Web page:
EVE Online’s virtual galaxy of New Eden is under a massive, coordinated assault by a computer-controlled faction called the Drifters.
Drifters have been a part of EVE Online for some time now, but have never represented a unified threat. Although Drifter ships are far more powerful than the majority of the hardware available to players, they have historically mostly been found in small numbers in non-contentious areas of space reserved for PvE combat. But on June 27, high-rolling players from some of the game’s most dominant human-controlled factions began receiving reports that their assets were being assaulted by huge numbers of Drifter battleships all acting in unison. At least one player-owned structure, which had real-world monetary value, has already been destroyed by the AI-controlled aliens. There have even been reports of Drifter ships attacking defeated players’ escape pods, behavior that is supposed to be impossible for NPC units.
Nobody understands why or even how the attack is happening. Tricking stray Drifter ships into attacking player compounds is a popular griefing technique in the game, so early speculation from some factions was that it might be the work of a highly dedicated troll, spy, or saboteur. The sheer scale of the event, however, quickly dispelled that theory. Some are wondering if this is a bug or AI quirk brought on by the latest Invasion expansion. Still others suspect that the Drifter attack is an intended feature, orchestrated by developer CCP Games. When asked about it by PC Gamer reporter Steven Messner, a spokesperson said he’d been unable to get an answer from the Drifters, which seems to indicate the developers know exactly what’s going on.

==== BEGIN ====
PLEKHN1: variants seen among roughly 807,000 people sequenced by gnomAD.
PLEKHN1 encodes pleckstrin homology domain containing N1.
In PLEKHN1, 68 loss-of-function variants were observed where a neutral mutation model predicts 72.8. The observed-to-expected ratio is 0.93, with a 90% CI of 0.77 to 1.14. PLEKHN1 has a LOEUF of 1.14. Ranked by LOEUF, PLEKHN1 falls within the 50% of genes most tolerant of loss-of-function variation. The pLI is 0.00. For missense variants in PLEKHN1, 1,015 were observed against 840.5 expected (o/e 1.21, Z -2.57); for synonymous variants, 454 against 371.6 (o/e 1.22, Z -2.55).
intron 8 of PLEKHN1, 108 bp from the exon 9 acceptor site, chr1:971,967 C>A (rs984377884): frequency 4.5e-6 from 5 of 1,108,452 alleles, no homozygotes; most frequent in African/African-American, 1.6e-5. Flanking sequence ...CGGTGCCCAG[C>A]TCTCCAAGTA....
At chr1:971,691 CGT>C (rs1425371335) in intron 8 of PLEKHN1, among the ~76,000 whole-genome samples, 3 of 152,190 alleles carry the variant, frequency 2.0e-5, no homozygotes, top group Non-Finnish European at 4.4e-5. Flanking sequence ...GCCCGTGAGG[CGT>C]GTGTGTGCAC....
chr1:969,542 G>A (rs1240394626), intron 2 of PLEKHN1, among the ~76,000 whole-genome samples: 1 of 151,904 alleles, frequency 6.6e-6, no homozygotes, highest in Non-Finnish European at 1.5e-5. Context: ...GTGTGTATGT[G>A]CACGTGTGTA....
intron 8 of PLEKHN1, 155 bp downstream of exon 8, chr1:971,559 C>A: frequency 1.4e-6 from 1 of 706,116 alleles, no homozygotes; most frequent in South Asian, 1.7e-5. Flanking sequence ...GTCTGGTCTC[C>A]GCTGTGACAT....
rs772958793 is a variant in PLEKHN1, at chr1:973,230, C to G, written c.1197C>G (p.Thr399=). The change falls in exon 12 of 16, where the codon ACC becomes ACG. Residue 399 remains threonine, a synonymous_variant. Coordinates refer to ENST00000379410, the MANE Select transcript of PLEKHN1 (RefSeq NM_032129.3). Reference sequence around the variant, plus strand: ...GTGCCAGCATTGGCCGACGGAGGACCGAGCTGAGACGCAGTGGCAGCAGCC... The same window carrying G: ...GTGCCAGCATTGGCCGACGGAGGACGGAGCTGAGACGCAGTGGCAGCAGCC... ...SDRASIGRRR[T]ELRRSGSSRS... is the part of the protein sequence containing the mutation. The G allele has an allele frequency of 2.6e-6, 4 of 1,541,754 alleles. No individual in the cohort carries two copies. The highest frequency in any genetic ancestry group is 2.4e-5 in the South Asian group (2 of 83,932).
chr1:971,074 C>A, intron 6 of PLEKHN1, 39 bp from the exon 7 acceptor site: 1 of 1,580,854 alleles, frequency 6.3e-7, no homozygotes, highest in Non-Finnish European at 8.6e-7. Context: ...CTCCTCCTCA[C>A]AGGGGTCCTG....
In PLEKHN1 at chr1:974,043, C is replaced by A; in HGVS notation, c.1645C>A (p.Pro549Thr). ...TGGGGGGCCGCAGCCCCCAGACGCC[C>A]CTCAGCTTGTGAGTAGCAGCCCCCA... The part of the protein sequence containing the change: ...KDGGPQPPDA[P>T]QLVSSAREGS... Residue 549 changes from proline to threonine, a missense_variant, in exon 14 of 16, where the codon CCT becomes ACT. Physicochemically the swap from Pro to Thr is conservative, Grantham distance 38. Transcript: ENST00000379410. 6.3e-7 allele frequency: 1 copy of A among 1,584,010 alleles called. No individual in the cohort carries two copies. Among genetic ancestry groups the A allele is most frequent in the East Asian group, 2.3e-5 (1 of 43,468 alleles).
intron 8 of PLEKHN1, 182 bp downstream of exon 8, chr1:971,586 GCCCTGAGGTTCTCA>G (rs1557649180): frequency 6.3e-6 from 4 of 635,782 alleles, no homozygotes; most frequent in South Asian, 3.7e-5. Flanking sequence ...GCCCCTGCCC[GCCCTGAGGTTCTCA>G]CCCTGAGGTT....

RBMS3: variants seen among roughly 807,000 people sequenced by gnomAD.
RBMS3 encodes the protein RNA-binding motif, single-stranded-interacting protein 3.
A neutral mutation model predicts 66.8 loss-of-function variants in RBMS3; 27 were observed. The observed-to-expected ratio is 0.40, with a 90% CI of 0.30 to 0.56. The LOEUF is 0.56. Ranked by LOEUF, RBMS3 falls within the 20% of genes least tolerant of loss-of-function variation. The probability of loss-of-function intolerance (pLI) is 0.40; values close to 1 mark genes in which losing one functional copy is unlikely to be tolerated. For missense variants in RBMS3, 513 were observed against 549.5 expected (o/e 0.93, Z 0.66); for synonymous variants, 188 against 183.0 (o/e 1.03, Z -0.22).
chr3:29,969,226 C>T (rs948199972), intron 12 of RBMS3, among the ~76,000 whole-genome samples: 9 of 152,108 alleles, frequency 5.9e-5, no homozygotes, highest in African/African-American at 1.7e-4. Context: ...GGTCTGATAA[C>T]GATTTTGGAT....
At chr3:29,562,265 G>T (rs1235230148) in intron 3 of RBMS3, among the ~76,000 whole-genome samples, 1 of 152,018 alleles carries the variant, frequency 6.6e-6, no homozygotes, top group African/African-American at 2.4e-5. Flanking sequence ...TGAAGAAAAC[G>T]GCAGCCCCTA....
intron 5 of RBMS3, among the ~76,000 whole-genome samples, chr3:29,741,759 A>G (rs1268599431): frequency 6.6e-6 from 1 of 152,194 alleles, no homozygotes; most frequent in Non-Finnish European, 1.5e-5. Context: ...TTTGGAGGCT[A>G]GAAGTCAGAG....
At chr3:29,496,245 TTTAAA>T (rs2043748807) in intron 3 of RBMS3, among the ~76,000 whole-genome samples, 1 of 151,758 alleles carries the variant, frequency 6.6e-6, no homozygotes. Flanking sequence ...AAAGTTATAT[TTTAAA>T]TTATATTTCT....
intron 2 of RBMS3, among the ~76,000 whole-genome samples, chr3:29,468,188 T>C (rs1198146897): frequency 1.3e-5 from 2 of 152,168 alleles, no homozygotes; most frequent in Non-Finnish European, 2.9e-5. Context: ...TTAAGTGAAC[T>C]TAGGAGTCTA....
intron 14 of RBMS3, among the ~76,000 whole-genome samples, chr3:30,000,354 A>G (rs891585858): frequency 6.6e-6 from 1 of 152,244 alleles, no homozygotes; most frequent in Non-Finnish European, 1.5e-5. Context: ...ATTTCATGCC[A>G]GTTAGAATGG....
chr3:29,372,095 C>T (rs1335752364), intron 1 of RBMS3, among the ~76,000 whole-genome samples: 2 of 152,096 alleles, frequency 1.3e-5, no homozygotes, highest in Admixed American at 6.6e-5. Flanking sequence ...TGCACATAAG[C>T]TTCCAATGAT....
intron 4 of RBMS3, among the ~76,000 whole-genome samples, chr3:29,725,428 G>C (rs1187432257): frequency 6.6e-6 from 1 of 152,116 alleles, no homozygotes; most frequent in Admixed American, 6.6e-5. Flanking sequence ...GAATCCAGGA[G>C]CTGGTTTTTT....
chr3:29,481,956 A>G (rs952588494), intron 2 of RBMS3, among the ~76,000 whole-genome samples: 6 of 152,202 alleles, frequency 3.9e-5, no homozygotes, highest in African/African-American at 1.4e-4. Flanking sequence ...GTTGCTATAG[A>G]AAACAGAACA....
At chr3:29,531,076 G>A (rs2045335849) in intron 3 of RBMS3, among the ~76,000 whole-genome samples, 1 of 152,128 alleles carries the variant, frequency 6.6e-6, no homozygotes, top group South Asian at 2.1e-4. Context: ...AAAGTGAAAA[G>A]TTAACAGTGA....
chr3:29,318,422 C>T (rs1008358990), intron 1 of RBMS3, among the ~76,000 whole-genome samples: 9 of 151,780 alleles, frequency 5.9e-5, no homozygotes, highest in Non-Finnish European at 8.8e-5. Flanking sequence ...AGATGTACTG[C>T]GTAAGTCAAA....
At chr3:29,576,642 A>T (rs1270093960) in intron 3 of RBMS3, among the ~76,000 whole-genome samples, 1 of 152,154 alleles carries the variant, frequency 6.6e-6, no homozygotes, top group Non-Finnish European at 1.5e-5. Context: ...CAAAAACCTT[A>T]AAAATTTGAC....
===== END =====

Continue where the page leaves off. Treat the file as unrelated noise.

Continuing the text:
Player response to the Drifter attack seems inversely proportional to how much stuff they stand to lose to it. High ranking players with command over hundreds of dollars worth of in-game assets are unsurprisingly annoyed at the possibility of losing everything to a bunch of uppity ones and zeroes instead of the machinations of fellow human players. Speaking to PC Gamer, Dran, head diplomat of the player-controlled TEST Alliance, admired the audacity behind the event but admitted its implementation disappointed him. “If another player comes by and knocks down our sandcastle that’s one thing… We set up full well knowing the risks, and are prepared to fight anyone for our right to be here. We didn’t set anything up knowing that at any point with no warning NPCs would materialize and blow everything up.” More rank-and-file players, however, are happy to see New Eden finally getting its cage rattled, which they hope will reduce the power of the game’s more entrenched human factions.
Those factions, incidentally, have implemented an unprecedented ceasefire in the wake of the invasion. One faction, the Imperium, even had to turn its warships around in the middle of an invasive campaign to defend its besieged home base. It turns out Watchmen’s Ozymandias was right: a completely out-of-nowhere alien invasion really would be sufficient to bring about world peace.